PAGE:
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Tapas Roy’s Exit and the Alleged Rift Within

Amidst allegations and internal discontent, Tapas Roy resigns from TMC, sparking speculations of a deeper party rift and a potential shift in Bengal's political landscape.

Piyush Gautam

Kolkata: In a dramatic turn of events that has sent ripples through the political corridors of West Bengal, Tapas Roy, a prominent leader of the Trinamool Congress (TMC), has resigned from his primary membership and his post in the legislative assembly. The resignation comes on the heels of an unexpected Enforcement Directorate (ED) raid on his residence on January 12, 2024, which reportedly yielded no incriminating evidence to proceed against him.

The war of words between Trinamool Congress (TMC) MLA Tapas Roy and his party colleague and MP Sudip Bandhopadhyay escalated on Friday, causing major embarrassment to the ruling party. Roy on Friday again targeted Bandyopadhyay, calling him a “corrupt politician who has spent days in jail”.

In 2017, Bandyopadhyay was arrested by the Central Bureau of Investigation (CBI) in connection with his alleged involvement in a Ponzi firm, Rose Valley Group.

The incident has left Roy deeply aggrieved, particularly in light of the silence from the party’s high command. In stark contrast, the Chief Minister and party supremo expressed open sorrow in the West Bengal assembly over the conduct of Sheikh Shahjahan, whose criminal activities have been substantiated by evidence. This disparity in response has not gone unnoticed, with many perceiving it as a neglect of a grassroots leader in favour of those with questionable reputations. He blamed the TMC supremo for avoiding the grassroots workers when the chief spokesperson of the Bengal ruling party urged Roy to rethink his decision to resignation at that time he received a show cause notice from Subrato Bakshi, M.P and loyalist of TMC. It shows how much autocracy has evolved in the party.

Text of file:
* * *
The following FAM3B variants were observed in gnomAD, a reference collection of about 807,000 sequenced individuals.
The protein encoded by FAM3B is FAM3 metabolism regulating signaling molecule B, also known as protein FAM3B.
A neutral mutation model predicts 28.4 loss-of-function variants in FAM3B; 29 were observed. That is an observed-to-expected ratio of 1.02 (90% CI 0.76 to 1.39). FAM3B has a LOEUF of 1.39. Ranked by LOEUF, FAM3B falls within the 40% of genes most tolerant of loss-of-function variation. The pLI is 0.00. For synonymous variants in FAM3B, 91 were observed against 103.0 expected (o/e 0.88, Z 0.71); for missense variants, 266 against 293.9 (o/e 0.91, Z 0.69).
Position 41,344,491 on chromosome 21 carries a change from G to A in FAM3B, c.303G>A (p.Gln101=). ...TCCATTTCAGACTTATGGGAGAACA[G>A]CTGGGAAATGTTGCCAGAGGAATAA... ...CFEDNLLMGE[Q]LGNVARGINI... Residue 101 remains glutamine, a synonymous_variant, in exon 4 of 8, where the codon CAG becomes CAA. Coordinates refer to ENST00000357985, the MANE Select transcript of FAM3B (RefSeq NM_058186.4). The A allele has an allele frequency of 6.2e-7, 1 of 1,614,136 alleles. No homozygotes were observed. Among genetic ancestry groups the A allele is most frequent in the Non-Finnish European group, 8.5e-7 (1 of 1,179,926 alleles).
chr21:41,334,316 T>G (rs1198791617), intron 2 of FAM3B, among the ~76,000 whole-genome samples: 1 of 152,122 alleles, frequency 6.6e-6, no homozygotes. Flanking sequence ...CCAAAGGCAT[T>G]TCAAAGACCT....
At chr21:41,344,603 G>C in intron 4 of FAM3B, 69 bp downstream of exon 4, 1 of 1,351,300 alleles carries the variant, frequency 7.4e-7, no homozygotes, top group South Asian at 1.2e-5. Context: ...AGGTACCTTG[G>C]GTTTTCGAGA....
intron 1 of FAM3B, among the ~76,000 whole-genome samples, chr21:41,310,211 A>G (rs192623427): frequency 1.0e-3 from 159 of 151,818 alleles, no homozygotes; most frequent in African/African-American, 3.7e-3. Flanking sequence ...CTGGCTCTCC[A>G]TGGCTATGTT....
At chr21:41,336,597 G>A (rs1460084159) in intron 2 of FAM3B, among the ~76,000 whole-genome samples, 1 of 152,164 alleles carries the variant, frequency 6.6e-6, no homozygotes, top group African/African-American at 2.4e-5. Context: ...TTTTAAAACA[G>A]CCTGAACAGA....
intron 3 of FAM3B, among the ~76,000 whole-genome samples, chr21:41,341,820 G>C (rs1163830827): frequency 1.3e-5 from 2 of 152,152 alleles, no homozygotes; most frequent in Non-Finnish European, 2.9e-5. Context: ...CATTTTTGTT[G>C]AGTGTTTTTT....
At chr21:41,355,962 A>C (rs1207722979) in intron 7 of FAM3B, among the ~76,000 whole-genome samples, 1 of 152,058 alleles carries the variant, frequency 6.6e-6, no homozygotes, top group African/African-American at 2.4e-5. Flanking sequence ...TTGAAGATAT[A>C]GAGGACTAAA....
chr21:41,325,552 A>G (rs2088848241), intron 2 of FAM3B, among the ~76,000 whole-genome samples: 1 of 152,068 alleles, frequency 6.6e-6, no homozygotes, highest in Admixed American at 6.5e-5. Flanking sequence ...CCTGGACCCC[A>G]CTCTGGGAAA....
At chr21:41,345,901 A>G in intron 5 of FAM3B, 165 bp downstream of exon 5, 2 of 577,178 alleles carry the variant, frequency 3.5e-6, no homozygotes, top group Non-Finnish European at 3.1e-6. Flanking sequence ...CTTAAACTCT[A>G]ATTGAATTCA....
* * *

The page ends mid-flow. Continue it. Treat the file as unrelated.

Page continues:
Emerging World reports suggest that the TMC is experiencing internal strife, which has now been catalyzed by Roy’s departure. A significant number of TMC leaders, including Kunal Ghosh, are reportedly disillusioned with the actions of TMC MP Sudip Banerjee, whom they hold responsible for the ED raid and the increasing professionalization of the party. Accusations are rife that Banerjee’s actions have led to the alienation of grassroots workers and inadvertently strengthened the Bharatiya Janata Party (BJP)’s position in the region.

Roy, known for his substantial organizational strength, is widely expected to join the BJP soon, along with the entire district unit of North Kolkata and North 24 Parganas. His political journey began in Kolkata under the mentorship of the esteemed central minister Ajit Panja, marking the start of a significant career that has now taken a new turn.

As the TMC grapples with these developments, the political landscape of Bengal stands at a crossroads. Roy’s resignation not only raises questions about the internal dynamics of the TMC but also about the future direction of state politics as the Lok Sabha elections loom on the horizon. With the party facing allegations of corruption and a potential exodus of leaders and supporters, the coming days are likely to be pivotal in shaping the narrative of Bengal’s political saga.



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